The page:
A large part of your estate plan will concern what happens to your assets when you are dead and buried. Yet what happens if you do not want to be dead and buried at all?
There are several ways to hold a funeral, and more and more people are choosing cremation instead of burial. It is cheaper and takes up less space. Yet, if the last five generations of your family are buried in the same plot in the same small town churchyard, how can you keep your body out of it?
You can pre-arrange your funeral
You can create a document as part of your estate plan that sets out what should and should not happen at your funeral. It is especially wise if some of your family has different religious or personal views from you.
You can do everything from choosing what songs they should play through to where the event or any subsequent scattering of ashes should take place. It saves your family from thinking about these things when they are struggling to cope with your loss. It also avoids arguments about what you would have wanted.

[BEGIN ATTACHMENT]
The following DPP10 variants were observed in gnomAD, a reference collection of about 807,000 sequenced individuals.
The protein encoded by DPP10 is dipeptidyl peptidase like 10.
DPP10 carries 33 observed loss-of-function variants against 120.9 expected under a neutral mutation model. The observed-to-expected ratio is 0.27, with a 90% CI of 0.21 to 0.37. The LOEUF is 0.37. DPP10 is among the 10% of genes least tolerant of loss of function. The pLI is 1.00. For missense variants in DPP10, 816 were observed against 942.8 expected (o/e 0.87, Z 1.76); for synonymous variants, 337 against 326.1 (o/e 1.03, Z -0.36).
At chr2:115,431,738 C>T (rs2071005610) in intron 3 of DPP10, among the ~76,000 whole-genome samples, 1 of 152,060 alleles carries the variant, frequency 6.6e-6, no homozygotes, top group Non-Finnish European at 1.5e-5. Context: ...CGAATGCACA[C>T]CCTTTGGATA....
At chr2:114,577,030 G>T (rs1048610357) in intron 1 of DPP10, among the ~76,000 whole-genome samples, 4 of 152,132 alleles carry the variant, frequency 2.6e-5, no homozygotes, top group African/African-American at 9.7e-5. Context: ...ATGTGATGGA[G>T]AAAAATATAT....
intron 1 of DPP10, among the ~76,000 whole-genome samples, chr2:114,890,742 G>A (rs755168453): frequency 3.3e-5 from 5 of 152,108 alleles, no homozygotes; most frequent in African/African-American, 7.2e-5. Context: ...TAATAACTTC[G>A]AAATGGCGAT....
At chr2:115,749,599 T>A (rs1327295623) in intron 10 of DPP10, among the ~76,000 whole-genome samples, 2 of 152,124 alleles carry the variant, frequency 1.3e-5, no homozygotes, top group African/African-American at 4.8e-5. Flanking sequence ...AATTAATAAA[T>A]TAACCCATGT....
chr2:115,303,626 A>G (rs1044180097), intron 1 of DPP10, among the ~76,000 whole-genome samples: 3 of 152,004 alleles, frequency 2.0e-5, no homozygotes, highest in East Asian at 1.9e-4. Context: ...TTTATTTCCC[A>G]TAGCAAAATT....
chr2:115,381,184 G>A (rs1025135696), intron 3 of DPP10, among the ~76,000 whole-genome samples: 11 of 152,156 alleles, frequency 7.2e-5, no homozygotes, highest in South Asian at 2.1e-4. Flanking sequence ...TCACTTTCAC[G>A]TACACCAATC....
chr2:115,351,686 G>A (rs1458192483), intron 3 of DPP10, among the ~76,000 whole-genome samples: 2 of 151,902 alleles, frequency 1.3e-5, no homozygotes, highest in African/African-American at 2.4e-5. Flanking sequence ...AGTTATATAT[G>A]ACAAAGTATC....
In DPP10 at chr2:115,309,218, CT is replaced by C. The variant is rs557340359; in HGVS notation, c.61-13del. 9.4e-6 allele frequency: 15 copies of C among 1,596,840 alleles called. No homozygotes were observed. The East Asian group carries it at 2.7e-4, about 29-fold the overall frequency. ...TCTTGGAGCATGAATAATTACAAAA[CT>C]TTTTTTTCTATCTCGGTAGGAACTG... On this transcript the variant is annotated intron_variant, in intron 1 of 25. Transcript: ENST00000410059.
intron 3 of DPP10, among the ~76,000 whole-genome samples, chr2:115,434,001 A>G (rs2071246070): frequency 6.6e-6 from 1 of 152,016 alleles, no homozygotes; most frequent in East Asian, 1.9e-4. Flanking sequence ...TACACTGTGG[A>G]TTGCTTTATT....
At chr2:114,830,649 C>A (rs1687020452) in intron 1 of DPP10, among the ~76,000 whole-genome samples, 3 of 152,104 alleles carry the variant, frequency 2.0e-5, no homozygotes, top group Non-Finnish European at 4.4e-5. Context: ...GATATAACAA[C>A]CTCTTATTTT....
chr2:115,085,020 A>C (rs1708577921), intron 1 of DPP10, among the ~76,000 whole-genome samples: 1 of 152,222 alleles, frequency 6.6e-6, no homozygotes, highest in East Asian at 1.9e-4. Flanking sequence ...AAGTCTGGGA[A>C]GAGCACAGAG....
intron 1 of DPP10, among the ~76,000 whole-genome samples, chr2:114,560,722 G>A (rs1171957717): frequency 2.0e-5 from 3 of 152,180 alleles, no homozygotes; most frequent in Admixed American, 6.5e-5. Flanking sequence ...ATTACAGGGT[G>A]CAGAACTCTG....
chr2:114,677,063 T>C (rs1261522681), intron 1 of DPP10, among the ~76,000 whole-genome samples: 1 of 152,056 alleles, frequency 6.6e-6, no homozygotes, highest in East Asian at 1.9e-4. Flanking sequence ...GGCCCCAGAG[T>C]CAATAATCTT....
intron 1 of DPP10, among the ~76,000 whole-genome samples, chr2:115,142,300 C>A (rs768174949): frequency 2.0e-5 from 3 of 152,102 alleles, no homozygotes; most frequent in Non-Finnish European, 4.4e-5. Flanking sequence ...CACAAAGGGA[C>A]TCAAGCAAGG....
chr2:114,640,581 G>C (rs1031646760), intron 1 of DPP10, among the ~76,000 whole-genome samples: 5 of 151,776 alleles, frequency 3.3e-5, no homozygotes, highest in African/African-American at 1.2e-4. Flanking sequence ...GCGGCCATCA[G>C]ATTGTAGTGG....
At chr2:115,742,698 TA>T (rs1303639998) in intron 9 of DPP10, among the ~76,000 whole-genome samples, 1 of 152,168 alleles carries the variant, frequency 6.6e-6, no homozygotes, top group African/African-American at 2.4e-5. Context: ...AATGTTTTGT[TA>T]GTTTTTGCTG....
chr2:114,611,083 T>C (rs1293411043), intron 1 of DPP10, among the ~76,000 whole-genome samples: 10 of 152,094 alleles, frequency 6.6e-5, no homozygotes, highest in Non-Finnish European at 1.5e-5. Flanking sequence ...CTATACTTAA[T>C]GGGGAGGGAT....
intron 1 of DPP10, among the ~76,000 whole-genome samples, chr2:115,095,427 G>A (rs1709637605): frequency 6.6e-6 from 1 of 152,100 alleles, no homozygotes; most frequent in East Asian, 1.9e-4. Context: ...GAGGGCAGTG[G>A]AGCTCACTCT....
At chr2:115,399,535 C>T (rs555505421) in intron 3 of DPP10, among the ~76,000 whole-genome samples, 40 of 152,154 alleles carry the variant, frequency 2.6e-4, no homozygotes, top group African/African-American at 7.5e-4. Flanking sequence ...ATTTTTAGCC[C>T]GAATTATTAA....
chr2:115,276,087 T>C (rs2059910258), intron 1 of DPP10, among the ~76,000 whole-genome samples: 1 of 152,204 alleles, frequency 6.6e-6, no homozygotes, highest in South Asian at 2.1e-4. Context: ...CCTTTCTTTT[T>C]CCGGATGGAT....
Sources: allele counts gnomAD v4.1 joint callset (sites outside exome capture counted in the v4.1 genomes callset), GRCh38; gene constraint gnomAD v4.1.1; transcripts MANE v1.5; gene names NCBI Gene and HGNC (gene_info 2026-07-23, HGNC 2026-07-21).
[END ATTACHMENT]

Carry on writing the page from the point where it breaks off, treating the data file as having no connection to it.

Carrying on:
You can also pay for the funeral up front
Insurance policies are available to cover funerals, or you could set money aside in a particular account. Include the details as part of your document. If you do not make any financial arrangement, the funds would typically come from your estate.
Estate plans can cover a lot of things, making your life and that of your family simpler. With help to understand the full scope of options, you can make a plan that is right for you.